Boxing comebacks, more often than not, are destined to fail, usually due to one of two things; the boxer is either no longer good enough or he is simply doing it for the money. However, when former two-time Champion Ricky Hatton announced his comeback on 14 September, a whole range of factors could have been cited. Three and a half years of battling against alcohol and drug addiction, family and relationship torment plus a fear of being a ‘failure’ have eaten away at him, culminating into a deep, life-threatening depression.
On the eve of his comeback fight against former Welterweight World Champion Vyacheslav Senchenko, Hatton explained: “I’ve been an emotional wreck the last three years. Some of it has been my fault, some of it hasn’t. I’m wrapping all the anger and sadness and frustration in a big ball I’m going to throw at Senchenko.” he continued “So it’ll feel like the roof is going to blow off when I walk out there. I’ll be thinking of Jennifer and how I hit rock bottom. It’ll take a massive effort not to give into the waterworks but we’ll save the bucket and mop for afterwards. I just hope they’re happy tears.” He didn’t stand a chance. Whilst these words are easily explained and even justified, that is no (mental) state to approach any sporting event, let alone a boxing match where control, a clear head and a focus purely on the task in hand are essential.
It wasn’t just Hatton whose mind wasn’t where it needed to be. His trainer Bob Shannon was carrying his own mental woes into the ring, after the premature death of his father and tragically losing his son aged 21 in a car accident. Earlier this year he was also fired as Matthew Hatton’s (Ricky’s brother) trainer after two defeats. Matthew was being trained by Ricky. Then there was Ray, Ricky’s father, who was arrested in September after assaulting Ricky outside his gym. They haven’t spoken since. This was a million miles from an ideal preparation.
I didn’t see the fight, but reports suggest the intensity was there, the passion and whole-heartedness which has won Hatton a passionate and loyal army of fans throughout the country was never in doubt, but his timing was off, he lacked coherence and long before his ninth round knockout defeat, his legs were all but gone. Whilst I always loved watching Hatton box he was never the most talented in the art, conquered only by two true masters, Mayweather and Pacquiao. But since his retirement three years ago it was purely his mental health which concerned anyone who had been his supporter in the ring. Hatton was one of those sportsmen (like footballers Best, Gascgoine, Merson and Adams) who needed a buzz, a stimulant, outside of his sporting arena. The ‘down’ they experienced following the euphoria felt whilst playing or competing was unbearable. Unable to cope they turned to a different type of high. A destructive high. Hatton had many vices, many of them physically damaging. But whilst some athletes can continue to play at the highest level despite substance abuse, it was Ricky’s mental issues that were, and still are his biggest threat. Thankfully, once retired, footballers cannot simply decide to start playing again at the highest level. If they’re not good enough or not mentally fit they won’t get a sniff. Boxers however can almost decide for themselves.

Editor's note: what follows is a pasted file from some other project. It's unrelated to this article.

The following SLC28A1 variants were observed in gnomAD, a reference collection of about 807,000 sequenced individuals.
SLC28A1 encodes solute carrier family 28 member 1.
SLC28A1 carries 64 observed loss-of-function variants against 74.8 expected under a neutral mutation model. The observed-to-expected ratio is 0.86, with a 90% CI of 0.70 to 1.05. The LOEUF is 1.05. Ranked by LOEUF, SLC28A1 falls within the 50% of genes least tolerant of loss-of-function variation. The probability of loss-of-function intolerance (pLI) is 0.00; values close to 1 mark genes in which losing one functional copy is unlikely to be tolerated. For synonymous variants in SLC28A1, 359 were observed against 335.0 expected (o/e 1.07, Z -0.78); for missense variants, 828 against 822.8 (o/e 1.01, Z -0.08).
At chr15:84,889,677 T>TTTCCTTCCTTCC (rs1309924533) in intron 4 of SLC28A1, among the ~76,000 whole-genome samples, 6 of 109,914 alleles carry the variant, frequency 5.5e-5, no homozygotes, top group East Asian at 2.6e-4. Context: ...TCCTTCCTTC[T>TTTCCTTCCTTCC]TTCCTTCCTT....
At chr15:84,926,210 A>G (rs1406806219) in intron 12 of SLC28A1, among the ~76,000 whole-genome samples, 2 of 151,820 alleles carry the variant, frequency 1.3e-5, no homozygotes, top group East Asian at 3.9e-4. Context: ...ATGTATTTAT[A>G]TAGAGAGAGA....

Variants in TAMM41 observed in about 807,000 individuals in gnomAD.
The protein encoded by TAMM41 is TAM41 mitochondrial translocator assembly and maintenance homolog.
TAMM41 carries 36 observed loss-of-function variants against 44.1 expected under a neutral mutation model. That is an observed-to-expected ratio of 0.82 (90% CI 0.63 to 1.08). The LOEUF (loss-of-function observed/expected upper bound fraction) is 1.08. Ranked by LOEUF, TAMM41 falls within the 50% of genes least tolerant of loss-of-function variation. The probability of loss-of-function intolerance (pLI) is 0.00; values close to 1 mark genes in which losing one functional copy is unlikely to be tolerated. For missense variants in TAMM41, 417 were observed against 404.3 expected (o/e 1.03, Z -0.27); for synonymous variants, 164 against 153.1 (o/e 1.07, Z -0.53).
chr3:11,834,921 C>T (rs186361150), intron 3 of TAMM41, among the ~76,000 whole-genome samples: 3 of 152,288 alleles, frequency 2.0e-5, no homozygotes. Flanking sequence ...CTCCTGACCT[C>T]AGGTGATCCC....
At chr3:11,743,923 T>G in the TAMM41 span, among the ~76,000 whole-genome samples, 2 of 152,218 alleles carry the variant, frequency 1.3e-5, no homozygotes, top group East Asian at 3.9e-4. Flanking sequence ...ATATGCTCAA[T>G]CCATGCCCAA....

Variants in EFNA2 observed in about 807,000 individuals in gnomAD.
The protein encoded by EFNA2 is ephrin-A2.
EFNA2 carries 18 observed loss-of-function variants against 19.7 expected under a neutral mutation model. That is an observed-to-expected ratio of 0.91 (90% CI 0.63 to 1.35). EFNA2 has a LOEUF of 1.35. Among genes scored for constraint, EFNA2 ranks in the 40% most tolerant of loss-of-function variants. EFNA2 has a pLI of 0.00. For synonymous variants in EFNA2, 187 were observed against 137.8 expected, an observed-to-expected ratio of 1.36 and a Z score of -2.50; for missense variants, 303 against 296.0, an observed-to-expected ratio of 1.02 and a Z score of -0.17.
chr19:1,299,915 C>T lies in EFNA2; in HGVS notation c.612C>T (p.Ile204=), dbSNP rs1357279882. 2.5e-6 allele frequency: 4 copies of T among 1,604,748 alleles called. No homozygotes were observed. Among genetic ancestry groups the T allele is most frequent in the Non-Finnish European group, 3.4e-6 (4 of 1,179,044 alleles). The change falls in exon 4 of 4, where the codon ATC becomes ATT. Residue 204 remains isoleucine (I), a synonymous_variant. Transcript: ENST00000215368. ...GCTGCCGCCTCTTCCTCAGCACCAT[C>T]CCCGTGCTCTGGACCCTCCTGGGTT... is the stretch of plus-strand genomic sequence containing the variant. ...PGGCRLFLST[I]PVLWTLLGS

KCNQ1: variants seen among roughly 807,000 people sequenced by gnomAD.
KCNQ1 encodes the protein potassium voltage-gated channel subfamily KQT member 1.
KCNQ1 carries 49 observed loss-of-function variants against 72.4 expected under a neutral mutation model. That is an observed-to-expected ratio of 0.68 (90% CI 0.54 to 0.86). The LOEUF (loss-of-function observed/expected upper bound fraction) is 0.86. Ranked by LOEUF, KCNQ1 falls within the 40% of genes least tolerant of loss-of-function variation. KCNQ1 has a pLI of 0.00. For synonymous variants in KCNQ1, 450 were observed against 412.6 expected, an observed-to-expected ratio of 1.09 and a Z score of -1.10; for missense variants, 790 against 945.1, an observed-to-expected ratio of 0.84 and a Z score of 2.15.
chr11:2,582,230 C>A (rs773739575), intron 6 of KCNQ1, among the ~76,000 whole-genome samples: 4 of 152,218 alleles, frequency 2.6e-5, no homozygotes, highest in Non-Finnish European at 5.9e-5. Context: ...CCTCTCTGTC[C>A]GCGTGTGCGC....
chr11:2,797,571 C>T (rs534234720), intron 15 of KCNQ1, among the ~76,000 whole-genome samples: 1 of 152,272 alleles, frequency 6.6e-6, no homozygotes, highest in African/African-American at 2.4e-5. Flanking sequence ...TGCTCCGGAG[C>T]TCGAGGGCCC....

In a strange way this could have actually be the best outcome for Hatton who has thankfully announced his retirement for a second time immediately after the fight. If he’d scraped a victory the physical and mental punishment would have continued; physically in the ring, but more importantly his focus would have been on his body, not his mind, which for his own good should be his sole focus. “It’s too many hard fights, I’ve burned the candle at both ends, I’ve put my body through the mire in and out of the ring.” he said. But, worryingly, as if to suggest this had been a cathartic experience he added “I’m a happy man. I don’t feel like killing myself, I don’t feel like slitting my wrists… I’ve put my demons to bed.”
Ricky Hatton is a hugely likeable man, but he clearly has a long way to go before he starts liking himself. He won over the nation’s hearts during his brilliant career with his courage, bravery and determination. Right now he needs privacy, support and help from those close to him and a reconciliation with his parents would be a massive start. “I did all I could.” said Hatton, “I looked at myself in the mirror and knew it was over. So thank you everyone, that’s the end of Ricky Hatton.” Let’s hope it’s just the start.
Photo: Dave Thompson/PA Wire/Press Association Images